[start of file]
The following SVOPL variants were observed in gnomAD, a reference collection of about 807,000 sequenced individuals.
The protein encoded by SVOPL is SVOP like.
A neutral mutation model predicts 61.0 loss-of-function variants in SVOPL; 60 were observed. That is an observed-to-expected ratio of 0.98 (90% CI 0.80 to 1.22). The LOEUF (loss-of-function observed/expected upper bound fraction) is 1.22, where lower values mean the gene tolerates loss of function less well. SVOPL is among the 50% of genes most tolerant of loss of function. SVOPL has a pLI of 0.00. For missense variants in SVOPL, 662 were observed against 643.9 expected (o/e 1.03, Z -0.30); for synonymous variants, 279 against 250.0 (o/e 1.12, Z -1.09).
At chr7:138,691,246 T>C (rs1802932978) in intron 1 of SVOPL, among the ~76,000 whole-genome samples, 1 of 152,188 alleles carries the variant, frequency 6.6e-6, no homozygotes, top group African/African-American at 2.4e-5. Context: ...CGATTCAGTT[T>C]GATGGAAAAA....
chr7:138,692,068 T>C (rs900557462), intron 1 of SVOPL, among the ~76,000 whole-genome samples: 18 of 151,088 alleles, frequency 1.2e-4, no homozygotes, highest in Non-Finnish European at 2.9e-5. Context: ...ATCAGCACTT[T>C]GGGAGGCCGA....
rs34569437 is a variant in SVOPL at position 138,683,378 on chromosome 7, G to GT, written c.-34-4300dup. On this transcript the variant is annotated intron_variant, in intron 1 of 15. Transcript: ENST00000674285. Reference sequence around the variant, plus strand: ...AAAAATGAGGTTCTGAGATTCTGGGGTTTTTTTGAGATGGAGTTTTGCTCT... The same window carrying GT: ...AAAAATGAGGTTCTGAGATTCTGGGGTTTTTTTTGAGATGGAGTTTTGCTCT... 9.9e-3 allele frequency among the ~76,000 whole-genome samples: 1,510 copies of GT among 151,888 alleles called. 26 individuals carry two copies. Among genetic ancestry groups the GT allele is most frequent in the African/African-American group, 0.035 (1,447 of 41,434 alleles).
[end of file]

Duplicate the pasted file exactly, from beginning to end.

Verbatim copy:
The following SVOPL variants were observed in gnomAD, a reference collection of about 807,000 sequenced individuals.
The protein encoded by SVOPL is SVOP like.
A neutral mutation model predicts 61.0 loss-of-function variants in SVOPL; 60 were observed. That is an observed-to-expected ratio of 0.98 (90% CI 0.80 to 1.22). The LOEUF (loss-of-function observed/expected upper bound fraction) is 1.22, where lower values mean the gene tolerates loss of function less well. SVOPL is among the 50% of genes most tolerant of loss of function. SVOPL has a pLI of 0.00. For missense variants in SVOPL, 662 were observed against 643.9 expected (o/e 1.03, Z -0.30); for synonymous variants, 279 against 250.0 (o/e 1.12, Z -1.09).
At chr7:138,691,246 T>C (rs1802932978) in intron 1 of SVOPL, among the ~76,000 whole-genome samples, 1 of 152,188 alleles carries the variant, frequency 6.6e-6, no homozygotes, top group African/African-American at 2.4e-5. Context: ...CGATTCAGTT[T>C]GATGGAAAAA....
chr7:138,692,068 T>C (rs900557462), intron 1 of SVOPL, among the ~76,000 whole-genome samples: 18 of 151,088 alleles, frequency 1.2e-4, no homozygotes, highest in Non-Finnish European at 2.9e-5. Context: ...ATCAGCACTT[T>C]GGGAGGCCGA....
rs34569437 is a variant in SVOPL at position 138,683,378 on chromosome 7, G to GT, written c.-34-4300dup. On this transcript the variant is annotated intron_variant, in intron 1 of 15. Transcript: ENST00000674285. Reference sequence around the variant, plus strand: ...AAAAATGAGGTTCTGAGATTCTGGGGTTTTTTTGAGATGGAGTTTTGCTCT... The same window carrying GT: ...AAAAATGAGGTTCTGAGATTCTGGGGTTTTTTTTGAGATGGAGTTTTGCTCT... 9.9e-3 allele frequency among the ~76,000 whole-genome samples: 1,510 copies of GT among 151,888 alleles called. 26 individuals carry two copies. Among genetic ancestry groups the GT allele is most frequent in the African/African-American group, 0.035 (1,447 of 41,434 alleles).